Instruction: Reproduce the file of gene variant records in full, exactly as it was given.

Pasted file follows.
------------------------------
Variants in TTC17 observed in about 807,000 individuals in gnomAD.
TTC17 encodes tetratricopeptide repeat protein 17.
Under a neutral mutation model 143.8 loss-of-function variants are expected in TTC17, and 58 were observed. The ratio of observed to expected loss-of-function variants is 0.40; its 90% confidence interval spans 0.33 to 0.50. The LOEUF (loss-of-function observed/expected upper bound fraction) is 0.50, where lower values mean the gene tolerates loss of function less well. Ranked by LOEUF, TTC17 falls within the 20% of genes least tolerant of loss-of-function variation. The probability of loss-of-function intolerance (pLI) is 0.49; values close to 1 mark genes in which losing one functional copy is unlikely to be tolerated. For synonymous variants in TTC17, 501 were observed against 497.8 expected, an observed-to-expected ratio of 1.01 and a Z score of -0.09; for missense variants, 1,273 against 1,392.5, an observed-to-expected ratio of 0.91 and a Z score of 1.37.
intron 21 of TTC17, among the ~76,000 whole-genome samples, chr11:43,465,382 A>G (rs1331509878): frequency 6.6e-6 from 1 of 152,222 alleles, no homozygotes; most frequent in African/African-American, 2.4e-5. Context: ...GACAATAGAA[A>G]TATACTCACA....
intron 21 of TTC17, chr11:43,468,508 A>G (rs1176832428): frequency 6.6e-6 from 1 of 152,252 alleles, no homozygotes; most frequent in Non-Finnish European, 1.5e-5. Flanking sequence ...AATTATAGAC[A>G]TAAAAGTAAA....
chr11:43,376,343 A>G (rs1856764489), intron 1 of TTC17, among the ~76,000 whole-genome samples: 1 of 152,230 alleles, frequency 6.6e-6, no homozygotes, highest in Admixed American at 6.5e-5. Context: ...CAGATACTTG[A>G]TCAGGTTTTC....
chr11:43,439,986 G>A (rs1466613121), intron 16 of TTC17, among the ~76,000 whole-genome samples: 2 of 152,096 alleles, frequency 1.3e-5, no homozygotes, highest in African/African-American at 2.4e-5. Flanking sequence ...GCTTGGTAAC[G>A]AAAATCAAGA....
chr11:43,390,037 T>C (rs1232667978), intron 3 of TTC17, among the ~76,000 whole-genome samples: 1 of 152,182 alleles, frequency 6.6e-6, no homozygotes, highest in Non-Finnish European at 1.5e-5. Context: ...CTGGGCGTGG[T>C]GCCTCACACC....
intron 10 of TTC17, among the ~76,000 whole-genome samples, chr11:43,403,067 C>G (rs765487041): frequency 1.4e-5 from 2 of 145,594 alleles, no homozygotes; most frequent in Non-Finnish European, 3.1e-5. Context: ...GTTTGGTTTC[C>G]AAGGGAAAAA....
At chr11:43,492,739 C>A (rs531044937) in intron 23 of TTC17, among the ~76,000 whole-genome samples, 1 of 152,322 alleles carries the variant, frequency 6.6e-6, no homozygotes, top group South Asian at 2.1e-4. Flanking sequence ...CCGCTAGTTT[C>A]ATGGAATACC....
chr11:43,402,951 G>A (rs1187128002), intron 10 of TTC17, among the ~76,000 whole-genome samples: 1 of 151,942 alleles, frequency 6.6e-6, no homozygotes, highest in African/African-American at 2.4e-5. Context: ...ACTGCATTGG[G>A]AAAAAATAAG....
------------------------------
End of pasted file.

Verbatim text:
Variants in TTC17 observed in about 807,000 individuals in gnomAD.
TTC17 encodes tetratricopeptide repeat protein 17.
Under a neutral mutation model 143.8 loss-of-function variants are expected in TTC17, and 58 were observed. The ratio of observed to expected loss-of-function variants is 0.40; its 90% confidence interval spans 0.33 to 0.50. The LOEUF (loss-of-function observed/expected upper bound fraction) is 0.50, where lower values mean the gene tolerates loss of function less well. Ranked by LOEUF, TTC17 falls within the 20% of genes least tolerant of loss-of-function variation. The probability of loss-of-function intolerance (pLI) is 0.49; values close to 1 mark genes in which losing one functional copy is unlikely to be tolerated. For synonymous variants in TTC17, 501 were observed against 497.8 expected, an observed-to-expected ratio of 1.01 and a Z score of -0.09; for missense variants, 1,273 against 1,392.5, an observed-to-expected ratio of 0.91 and a Z score of 1.37.
intron 21 of TTC17, among the ~76,000 whole-genome samples, chr11:43,465,382 A>G (rs1331509878): frequency 6.6e-6 from 1 of 152,222 alleles, no homozygotes; most frequent in African/African-American, 2.4e-5. Context: ...GACAATAGAA[A>G]TATACTCACA....
intron 21 of TTC17, chr11:43,468,508 A>G (rs1176832428): frequency 6.6e-6 from 1 of 152,252 alleles, no homozygotes; most frequent in Non-Finnish European, 1.5e-5. Flanking sequence ...AATTATAGAC[A>G]TAAAAGTAAA....
chr11:43,376,343 A>G (rs1856764489), intron 1 of TTC17, among the ~76,000 whole-genome samples: 1 of 152,230 alleles, frequency 6.6e-6, no homozygotes, highest in Admixed American at 6.5e-5. Context: ...CAGATACTTG[A>G]TCAGGTTTTC....
chr11:43,439,986 G>A (rs1466613121), intron 16 of TTC17, among the ~76,000 whole-genome samples: 2 of 152,096 alleles, frequency 1.3e-5, no homozygotes, highest in African/African-American at 2.4e-5. Flanking sequence ...GCTTGGTAAC[G>A]AAAATCAAGA....
chr11:43,390,037 T>C (rs1232667978), intron 3 of TTC17, among the ~76,000 whole-genome samples: 1 of 152,182 alleles, frequency 6.6e-6, no homozygotes, highest in Non-Finnish European at 1.5e-5. Context: ...CTGGGCGTGG[T>C]GCCTCACACC....
intron 10 of TTC17, among the ~76,000 whole-genome samples, chr11:43,403,067 C>G (rs765487041): frequency 1.4e-5 from 2 of 145,594 alleles, no homozygotes; most frequent in Non-Finnish European, 3.1e-5. Context: ...GTTTGGTTTC[C>G]AAGGGAAAAA....
At chr11:43,492,739 C>A (rs531044937) in intron 23 of TTC17, among the ~76,000 whole-genome samples, 1 of 152,322 alleles carries the variant, frequency 6.6e-6, no homozygotes, top group South Asian at 2.1e-4. Flanking sequence ...CCGCTAGTTT[C>A]ATGGAATACC....
chr11:43,402,951 G>A (rs1187128002), intron 10 of TTC17, among the ~76,000 whole-genome samples: 1 of 151,942 alleles, frequency 6.6e-6, no homozygotes, highest in African/African-American at 2.4e-5. Context: ...ACTGCATTGG[G>A]AAAAAATAAG....